Who were the great thinkers of Scholasticism?
Just as Islamic philosophers reinterpreted faith by applying reason, subordinating revelation to reason, Western philosophers endeavored to incorporate the doctrines of Greek philosophy into the theology of the Christian church. Leaders in this movement included St. Augustine (Augustine of Hippo), St. Anselm, and St. Thomas Aquinas.
Augustine of Hippo (354–430) lived during a time when the last vestiges of the pagan world of the Romans was giving way to Christianity. His theological works, including sermons, books, and pastoral letters, reveal a Platonic influence, foreshadowing the movement of Scholasticism that emerged more than six centuries later (during the eleventh century). Augustine believed that understanding can lead one to faith and that faith can lead a person to understanding. He also argued that Christians can understand the nature of the Trinity by examining their own nature (through introspection).
One of Scholasticism’s founders, Anselm (c. 1033–1109) was a Benedictine monk who in 1093 became archbishop of Canterbury. He became famous for writing about the attributes of God (in his work Monologion) and for trying to prove the existence of God (in Proslogion) by rational means alone, arguing that God is that of which nothing greater can be thought; that of which nothing greater can be thought must include existence (if it did not, then something greater could be thought); and therefore God necessarily exists.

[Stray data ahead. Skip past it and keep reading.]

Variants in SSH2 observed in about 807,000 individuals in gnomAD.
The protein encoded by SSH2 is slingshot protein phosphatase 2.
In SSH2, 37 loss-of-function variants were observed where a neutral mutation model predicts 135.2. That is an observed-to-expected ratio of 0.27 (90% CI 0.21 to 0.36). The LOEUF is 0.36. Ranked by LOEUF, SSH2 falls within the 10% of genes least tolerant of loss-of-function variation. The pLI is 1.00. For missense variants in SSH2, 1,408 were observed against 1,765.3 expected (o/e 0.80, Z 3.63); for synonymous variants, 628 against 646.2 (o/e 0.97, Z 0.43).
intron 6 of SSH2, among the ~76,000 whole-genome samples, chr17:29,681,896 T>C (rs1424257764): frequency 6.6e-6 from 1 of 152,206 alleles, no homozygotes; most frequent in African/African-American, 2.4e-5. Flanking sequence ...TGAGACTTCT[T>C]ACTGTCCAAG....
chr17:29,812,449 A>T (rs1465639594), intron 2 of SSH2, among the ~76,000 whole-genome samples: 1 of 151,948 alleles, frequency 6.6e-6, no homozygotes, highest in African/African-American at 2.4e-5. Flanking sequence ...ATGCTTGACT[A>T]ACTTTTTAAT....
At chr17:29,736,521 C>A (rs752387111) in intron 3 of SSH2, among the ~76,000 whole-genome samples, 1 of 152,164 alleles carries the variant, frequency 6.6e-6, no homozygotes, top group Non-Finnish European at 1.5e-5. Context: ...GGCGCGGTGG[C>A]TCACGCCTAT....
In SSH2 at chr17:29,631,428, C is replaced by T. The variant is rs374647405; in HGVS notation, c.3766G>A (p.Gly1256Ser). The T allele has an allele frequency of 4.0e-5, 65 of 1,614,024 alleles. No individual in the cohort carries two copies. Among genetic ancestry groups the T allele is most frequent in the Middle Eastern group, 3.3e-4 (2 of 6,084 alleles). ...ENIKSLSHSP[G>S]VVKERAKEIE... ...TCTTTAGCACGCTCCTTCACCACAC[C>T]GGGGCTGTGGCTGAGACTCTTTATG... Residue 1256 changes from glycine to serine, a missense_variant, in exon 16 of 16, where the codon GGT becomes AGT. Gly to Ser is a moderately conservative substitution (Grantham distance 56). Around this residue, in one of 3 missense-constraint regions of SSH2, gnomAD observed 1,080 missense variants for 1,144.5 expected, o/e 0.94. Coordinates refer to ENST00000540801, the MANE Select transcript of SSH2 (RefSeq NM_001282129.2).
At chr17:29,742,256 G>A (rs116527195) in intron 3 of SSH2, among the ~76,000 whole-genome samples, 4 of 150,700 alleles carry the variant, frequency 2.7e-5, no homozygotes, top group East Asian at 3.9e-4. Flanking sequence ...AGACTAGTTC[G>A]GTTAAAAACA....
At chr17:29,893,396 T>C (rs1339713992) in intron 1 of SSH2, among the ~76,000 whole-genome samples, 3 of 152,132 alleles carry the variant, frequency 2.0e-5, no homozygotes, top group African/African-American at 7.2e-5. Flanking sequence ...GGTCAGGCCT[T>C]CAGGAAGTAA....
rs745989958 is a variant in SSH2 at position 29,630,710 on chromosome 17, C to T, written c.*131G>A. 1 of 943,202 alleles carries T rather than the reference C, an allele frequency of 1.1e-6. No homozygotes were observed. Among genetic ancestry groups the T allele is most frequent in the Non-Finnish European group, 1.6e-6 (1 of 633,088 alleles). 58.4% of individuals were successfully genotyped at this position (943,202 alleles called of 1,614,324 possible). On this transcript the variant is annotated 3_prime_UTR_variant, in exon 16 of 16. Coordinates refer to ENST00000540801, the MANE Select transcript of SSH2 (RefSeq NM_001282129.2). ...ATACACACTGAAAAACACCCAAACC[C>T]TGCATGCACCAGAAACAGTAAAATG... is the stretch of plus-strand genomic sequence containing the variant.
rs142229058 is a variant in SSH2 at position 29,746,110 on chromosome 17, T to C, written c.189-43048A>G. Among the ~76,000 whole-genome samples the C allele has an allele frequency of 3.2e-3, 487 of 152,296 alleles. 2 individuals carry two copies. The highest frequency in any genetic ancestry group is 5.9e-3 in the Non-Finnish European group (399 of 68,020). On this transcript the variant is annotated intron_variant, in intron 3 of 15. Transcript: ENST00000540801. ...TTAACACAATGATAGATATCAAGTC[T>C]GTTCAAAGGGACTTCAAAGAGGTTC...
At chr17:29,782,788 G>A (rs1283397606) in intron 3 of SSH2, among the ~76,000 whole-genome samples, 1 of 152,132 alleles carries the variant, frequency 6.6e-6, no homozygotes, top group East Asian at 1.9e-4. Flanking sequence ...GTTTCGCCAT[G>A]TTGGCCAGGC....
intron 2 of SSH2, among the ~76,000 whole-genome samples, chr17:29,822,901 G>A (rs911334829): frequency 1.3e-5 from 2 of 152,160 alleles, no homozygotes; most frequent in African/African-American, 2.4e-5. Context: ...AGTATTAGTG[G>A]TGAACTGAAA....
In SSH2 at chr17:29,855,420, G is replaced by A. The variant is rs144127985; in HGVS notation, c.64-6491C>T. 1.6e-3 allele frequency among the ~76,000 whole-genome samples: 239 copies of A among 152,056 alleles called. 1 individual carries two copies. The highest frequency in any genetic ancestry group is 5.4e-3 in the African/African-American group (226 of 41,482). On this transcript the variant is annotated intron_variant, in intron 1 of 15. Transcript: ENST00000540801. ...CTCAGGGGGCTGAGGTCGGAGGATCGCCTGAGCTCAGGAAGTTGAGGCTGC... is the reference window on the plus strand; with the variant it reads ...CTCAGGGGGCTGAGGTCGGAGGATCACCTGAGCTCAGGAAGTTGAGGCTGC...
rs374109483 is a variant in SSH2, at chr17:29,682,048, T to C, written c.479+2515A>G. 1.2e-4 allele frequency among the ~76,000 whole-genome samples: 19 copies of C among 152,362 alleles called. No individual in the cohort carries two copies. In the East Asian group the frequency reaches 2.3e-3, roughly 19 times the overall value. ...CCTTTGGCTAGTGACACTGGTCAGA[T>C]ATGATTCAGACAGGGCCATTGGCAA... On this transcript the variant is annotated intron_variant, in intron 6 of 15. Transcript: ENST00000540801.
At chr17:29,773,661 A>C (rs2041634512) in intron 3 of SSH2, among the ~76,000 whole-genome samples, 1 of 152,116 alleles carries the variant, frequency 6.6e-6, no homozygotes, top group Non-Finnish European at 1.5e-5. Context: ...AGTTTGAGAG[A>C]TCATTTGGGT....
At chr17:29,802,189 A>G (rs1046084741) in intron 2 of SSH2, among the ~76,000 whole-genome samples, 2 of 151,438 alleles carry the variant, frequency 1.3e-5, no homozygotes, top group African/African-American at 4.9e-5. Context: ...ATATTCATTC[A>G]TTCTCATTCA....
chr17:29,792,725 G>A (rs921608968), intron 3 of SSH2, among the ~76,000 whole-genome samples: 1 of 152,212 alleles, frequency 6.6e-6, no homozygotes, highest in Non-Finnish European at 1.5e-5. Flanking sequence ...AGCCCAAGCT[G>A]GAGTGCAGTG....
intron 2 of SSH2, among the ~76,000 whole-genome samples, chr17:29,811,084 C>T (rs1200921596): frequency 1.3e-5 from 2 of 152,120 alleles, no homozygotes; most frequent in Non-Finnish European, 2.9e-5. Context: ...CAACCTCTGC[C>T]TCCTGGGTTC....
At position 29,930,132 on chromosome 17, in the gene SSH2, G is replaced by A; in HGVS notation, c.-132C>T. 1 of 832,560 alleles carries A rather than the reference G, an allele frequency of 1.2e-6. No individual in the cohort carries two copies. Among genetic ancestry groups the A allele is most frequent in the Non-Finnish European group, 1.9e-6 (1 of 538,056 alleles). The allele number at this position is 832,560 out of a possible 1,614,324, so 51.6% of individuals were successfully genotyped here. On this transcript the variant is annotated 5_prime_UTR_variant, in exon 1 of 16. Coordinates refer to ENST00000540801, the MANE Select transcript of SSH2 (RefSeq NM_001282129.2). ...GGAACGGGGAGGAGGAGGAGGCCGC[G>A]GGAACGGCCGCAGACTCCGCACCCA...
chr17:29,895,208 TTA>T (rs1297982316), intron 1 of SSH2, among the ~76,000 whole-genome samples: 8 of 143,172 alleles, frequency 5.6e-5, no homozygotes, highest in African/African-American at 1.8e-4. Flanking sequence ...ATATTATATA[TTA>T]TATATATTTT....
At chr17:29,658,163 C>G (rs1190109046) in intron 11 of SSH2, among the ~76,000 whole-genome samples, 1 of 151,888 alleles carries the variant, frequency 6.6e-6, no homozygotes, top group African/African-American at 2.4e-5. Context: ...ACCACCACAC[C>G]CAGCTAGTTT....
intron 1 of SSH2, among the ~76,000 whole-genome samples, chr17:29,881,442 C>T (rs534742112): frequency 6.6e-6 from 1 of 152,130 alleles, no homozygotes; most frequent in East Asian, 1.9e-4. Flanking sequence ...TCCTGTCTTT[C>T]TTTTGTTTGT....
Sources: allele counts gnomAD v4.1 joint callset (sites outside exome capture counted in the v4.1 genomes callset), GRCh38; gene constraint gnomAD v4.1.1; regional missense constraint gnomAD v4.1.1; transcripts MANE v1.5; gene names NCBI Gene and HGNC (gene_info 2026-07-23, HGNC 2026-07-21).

But the greatest figure of Scholasticism was St. Thomas Aquinas (1225–1274), who is also one of the principal saints of the Roman Catholic Church. In 1879 his philosophical works were declared the official Catholic doctrine by Pope Leo XIII (1810–1903). While he was teaching at universities in Cologne (Germany) and Paris between 1248 and 1272, Thomas Aquinas penned his major works, Summa contra gentiles (1259–64) and Summa theologica (1266–73). He discarded the Platonic leanings of St. Augustine (to whom truth was a matter of faith), interpreting Aristotle’s naturalistic philosophy: Similar to the Islamic philosopher Avennasar (c. 878–950), who argued that religion and philosophy are not in conflict with each other, Thomas Aquinas believed faith and reason are in harmony with each other. His work is considered the greatest achievement of medieval philosophy, making the thirteenth century Scholasticism’s golden age. Thomas Aquinas was canonized in 1323 and was proclaimed a doctor of the Catholic Church in 1567.